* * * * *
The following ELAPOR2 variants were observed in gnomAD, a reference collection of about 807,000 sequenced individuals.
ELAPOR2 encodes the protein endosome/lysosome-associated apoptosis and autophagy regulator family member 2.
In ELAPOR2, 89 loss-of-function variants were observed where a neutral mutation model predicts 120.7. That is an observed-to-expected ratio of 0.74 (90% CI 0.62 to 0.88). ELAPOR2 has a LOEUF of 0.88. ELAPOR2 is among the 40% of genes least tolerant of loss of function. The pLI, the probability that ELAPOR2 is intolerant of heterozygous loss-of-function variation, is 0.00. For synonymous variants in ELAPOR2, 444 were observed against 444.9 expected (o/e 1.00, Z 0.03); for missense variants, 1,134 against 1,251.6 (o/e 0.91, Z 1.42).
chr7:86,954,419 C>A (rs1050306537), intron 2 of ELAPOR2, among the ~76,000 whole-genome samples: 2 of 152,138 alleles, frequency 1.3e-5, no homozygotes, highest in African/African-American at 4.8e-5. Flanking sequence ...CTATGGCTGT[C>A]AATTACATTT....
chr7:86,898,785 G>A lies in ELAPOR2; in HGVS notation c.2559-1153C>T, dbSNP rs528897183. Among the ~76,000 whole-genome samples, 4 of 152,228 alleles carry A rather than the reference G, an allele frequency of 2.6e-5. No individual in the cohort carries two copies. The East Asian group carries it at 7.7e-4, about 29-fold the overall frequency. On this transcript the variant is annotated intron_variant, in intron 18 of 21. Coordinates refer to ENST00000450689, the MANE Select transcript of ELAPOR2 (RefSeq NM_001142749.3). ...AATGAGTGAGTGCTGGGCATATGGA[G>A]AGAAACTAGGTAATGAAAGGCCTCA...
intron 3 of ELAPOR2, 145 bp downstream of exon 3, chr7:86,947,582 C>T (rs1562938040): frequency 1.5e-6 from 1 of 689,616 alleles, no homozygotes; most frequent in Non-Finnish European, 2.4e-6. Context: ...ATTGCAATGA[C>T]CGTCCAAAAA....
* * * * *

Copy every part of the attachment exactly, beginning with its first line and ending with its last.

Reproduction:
The following ELAPOR2 variants were observed in gnomAD, a reference collection of about 807,000 sequenced individuals.
ELAPOR2 encodes the protein endosome/lysosome-associated apoptosis and autophagy regulator family member 2.
In ELAPOR2, 89 loss-of-function variants were observed where a neutral mutation model predicts 120.7. That is an observed-to-expected ratio of 0.74 (90% CI 0.62 to 0.88). ELAPOR2 has a LOEUF of 0.88. ELAPOR2 is among the 40% of genes least tolerant of loss of function. The pLI, the probability that ELAPOR2 is intolerant of heterozygous loss-of-function variation, is 0.00. For synonymous variants in ELAPOR2, 444 were observed against 444.9 expected (o/e 1.00, Z 0.03); for missense variants, 1,134 against 1,251.6 (o/e 0.91, Z 1.42).
chr7:86,954,419 C>A (rs1050306537), intron 2 of ELAPOR2, among the ~76,000 whole-genome samples: 2 of 152,138 alleles, frequency 1.3e-5, no homozygotes, highest in African/African-American at 4.8e-5. Flanking sequence ...CTATGGCTGT[C>A]AATTACATTT....
chr7:86,898,785 G>A lies in ELAPOR2; in HGVS notation c.2559-1153C>T, dbSNP rs528897183. Among the ~76,000 whole-genome samples, 4 of 152,228 alleles carry A rather than the reference G, an allele frequency of 2.6e-5. No individual in the cohort carries two copies. The East Asian group carries it at 7.7e-4, about 29-fold the overall frequency. On this transcript the variant is annotated intron_variant, in intron 18 of 21. Coordinates refer to ENST00000450689, the MANE Select transcript of ELAPOR2 (RefSeq NM_001142749.3). ...AATGAGTGAGTGCTGGGCATATGGA[G>A]AGAAACTAGGTAATGAAAGGCCTCA...
intron 3 of ELAPOR2, 145 bp downstream of exon 3, chr7:86,947,582 C>T (rs1562938040): frequency 1.5e-6 from 1 of 689,616 alleles, no homozygotes; most frequent in Non-Finnish European, 2.4e-6. Context: ...ATTGCAATGA[C>T]CGTCCAAAAA....